Oxfam charity volunteers wear masks depicting G-8 leaders President Obama and German Chancellor Merkel around a large caldron to draw attention to the issue of world hunger in Northern Ireland on Sunday. G-8 leaders are gathering there for an annual summit.
Call it the Affordable Care Act, call it Obamacare, call it whatever you want — it's coming. And soon. In less than four months people without health insurance will be able to start signing up for coverage that begins Jan. 1.
A lot has been said about the law, most of it not that understandable. So starting now, and continuing occasionally through the summer and fall, we're going to try to fix that.
Bonfires light up the Belfast skyline on July 12, 1997, as Protestant loyalists commemorate the 17th century victory of a Protestant king over his deposed Catholic predecessor. Known as the Battle of the Boyne, the confrontation is part of a long history of tensions in the region.
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The Victoria Square shopping center's observation deck offers a panoramic of Belfast's skyline.
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Belfast's No Alibis Bookstore has helped launch at least two of Stuart Neville's mysteries.
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The Palm House in Belfast's Botanic Gardens houses a range of tropical plants.
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The peace wall on Belfast's Falls Road was traditionally used to display political messages from Irish Republicans. Today, artists use their skills to highlight political messages from around the world.
At 41, with long black hair, Stuart Neville looks more like the rock guitarist he used to be than the author he is now. He lives in a small town with his family — not in Belfast, Northern Ireland, the city that plays a central role in his thrillers, but just outside it.
The European Union is a big fan of traveling pets. It has pet passports that allow them to travel through all the member states. Still, until this week there was a limit. Travelers could only take up to five pets across the borders. Now, thanks to a pet-loving member of the EU Parliament, those who prefer to travel with herds of animals are now free to roam, as long as they're heading for a competition or a sporting event.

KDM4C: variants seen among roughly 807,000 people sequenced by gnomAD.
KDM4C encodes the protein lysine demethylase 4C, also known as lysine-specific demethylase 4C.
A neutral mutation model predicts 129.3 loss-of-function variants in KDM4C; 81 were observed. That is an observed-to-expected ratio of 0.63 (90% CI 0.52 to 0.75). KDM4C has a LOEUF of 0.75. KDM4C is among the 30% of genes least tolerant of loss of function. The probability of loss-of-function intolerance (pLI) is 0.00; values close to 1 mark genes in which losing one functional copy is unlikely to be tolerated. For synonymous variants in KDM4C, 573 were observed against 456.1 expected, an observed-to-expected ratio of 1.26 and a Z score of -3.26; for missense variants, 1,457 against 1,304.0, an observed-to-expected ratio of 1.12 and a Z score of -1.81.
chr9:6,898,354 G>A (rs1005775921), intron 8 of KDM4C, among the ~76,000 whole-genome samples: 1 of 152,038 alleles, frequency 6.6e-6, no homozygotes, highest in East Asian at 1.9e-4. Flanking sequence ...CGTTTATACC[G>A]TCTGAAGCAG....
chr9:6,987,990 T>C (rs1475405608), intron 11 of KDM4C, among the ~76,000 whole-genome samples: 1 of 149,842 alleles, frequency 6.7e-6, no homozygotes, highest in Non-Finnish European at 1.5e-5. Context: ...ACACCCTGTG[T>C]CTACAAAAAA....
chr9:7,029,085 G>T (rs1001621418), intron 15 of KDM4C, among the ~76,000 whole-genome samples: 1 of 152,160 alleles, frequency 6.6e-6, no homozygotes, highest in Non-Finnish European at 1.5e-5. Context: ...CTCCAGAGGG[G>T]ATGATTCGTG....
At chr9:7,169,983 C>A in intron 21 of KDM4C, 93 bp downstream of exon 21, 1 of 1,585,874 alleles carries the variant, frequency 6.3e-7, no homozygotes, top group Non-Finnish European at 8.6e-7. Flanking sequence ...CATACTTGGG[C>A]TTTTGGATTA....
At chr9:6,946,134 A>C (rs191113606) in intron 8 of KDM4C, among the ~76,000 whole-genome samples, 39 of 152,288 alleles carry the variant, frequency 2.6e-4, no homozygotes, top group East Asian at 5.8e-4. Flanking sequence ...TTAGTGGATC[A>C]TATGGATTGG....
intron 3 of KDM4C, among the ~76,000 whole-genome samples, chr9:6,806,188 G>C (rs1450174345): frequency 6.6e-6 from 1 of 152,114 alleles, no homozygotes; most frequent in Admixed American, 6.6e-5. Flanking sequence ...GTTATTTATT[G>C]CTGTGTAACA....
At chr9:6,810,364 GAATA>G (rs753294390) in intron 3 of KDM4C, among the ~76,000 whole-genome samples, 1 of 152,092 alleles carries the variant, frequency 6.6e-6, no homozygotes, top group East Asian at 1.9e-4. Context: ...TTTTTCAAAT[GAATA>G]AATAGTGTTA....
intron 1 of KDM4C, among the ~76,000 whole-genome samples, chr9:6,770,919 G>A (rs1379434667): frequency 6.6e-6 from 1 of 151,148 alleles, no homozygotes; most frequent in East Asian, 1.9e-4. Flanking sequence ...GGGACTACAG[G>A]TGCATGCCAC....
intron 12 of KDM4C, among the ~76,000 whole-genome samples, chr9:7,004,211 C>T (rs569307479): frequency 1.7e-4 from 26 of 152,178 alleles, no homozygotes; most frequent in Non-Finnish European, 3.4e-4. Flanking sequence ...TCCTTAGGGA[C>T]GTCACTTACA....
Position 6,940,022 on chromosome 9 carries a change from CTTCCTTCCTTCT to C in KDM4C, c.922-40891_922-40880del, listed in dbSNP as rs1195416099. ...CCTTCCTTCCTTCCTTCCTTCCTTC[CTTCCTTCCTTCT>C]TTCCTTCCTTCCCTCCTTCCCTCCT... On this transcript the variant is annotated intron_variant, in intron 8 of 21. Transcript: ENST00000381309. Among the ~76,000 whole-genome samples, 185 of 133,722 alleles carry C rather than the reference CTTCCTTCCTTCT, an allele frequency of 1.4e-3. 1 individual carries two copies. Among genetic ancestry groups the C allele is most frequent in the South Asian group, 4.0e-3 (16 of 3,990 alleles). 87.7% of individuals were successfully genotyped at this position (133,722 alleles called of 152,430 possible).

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NPR's business news starts with a man, a plan, a canal.
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MONTAGNE: Not Panama this time. This canal is in Nicaragua. Yesterday, the Nicaraguan congress granted a Chinese tycoon the exclusive right to develop a multi-billion dollar rival to the Panama Canal. The bill grants the investor 50 years of control over the potential shipping route - pending a study of its viability. Transcript provided by NPR, Copyright NPR.
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And I'm Linda Wertheimer. The Obama administration has shifted policy on Syria with an announcement, last night, that it will step up support for rebels who've been losing ground in recent weeks. The White House says it will start providing direct military support to rebel commanders.
This is MORNING EDITION from NPR News. I'm Linda Wertheimer.
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And I'm Renee Montagne.
They're calling it the Road to Majority. It's the third annual meeting of conservative religious activists with the Faith and Freedom Coalition. The conference is underway now in Washington, D.C. Its stated aim: To boost the conservative vote for next year's midterm election.
As NPR's David Welna reports, it's also a platform for Republican stars eyeing the White House in 2016.
In Syria's ally Iran, people are voting for president today. It is Iran's first presidential election since the stunning vote in 2009. Back then, a surprisingly early declaration of victory for President Mahmoud Ahmadinejad sparked a wave of protests, followed by years of government repression. This time around, six candidates are contending for power amid widespread skepticism about the election, and intensive security on the streets.